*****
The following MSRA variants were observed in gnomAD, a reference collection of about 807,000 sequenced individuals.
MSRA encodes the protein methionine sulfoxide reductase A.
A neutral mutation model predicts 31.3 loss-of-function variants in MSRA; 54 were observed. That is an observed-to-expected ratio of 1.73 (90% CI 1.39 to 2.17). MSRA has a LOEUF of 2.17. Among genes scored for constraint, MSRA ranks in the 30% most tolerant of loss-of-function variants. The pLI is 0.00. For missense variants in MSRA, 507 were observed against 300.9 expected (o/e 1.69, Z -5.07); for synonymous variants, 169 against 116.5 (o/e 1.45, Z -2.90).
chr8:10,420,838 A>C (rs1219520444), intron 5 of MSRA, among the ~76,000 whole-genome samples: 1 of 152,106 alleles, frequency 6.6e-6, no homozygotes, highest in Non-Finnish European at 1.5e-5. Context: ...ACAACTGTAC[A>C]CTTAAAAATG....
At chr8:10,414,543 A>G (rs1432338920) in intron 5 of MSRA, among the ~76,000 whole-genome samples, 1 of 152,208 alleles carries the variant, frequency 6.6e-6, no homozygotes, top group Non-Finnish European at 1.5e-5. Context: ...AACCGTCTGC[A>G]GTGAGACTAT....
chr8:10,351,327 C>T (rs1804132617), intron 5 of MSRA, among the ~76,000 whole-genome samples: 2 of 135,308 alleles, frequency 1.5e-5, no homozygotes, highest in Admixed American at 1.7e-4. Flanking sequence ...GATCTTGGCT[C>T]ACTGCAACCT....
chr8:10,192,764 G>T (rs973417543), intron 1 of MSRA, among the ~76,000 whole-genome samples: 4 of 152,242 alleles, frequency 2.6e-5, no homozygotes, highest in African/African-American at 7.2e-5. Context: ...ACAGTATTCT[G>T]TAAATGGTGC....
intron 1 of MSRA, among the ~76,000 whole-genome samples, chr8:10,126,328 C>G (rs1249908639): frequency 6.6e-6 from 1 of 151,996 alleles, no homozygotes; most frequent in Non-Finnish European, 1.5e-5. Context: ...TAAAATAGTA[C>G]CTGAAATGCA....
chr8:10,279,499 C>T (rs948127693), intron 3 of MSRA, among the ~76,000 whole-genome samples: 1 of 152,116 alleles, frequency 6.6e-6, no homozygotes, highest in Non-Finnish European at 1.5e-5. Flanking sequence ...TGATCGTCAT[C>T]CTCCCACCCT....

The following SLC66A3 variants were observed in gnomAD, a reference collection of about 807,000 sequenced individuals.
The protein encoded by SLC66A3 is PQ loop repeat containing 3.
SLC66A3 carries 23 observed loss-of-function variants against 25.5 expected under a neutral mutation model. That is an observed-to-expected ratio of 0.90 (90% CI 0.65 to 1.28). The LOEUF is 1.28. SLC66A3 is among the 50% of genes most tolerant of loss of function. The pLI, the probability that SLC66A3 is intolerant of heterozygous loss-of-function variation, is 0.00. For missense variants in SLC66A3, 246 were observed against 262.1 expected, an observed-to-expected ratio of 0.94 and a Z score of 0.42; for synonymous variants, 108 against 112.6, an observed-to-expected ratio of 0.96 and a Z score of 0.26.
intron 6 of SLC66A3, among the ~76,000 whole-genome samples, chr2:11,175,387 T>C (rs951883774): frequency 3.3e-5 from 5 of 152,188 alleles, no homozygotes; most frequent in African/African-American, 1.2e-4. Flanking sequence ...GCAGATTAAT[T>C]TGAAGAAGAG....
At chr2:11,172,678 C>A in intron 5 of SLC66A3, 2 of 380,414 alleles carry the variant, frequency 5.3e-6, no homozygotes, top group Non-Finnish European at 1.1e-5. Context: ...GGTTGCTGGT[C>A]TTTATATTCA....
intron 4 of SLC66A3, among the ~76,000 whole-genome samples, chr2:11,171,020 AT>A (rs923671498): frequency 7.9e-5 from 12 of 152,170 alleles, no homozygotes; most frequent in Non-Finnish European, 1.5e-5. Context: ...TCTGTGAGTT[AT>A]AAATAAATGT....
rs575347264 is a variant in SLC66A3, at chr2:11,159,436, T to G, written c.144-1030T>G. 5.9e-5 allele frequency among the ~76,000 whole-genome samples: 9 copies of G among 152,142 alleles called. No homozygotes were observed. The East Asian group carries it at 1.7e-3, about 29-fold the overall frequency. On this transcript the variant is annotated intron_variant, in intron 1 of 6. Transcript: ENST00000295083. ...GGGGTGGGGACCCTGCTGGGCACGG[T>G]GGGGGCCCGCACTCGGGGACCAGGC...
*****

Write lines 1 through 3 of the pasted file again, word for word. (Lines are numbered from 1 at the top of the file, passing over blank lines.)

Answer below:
The following MSRA variants were observed in gnomAD, a reference collection of about 807,000 sequenced individuals.
MSRA encodes the protein methionine sulfoxide reductase A.
A neutral mutation model predicts 31.3 loss-of-function variants in MSRA; 54 were observed. That is an observed-to-expected ratio of 1.73 (90% CI 1.39 to 2.17). MSRA has a LOEUF of 2.17. Among genes scored for constraint, MSRA ranks in the 30% most tolerant of loss-of-function variants. The pLI is 0.00. For missense variants in MSRA, 507 were observed against 300.9 expected (o/e 1.69, Z -5.07); for synonymous variants, 169 against 116.5 (o/e 1.45, Z -2.90).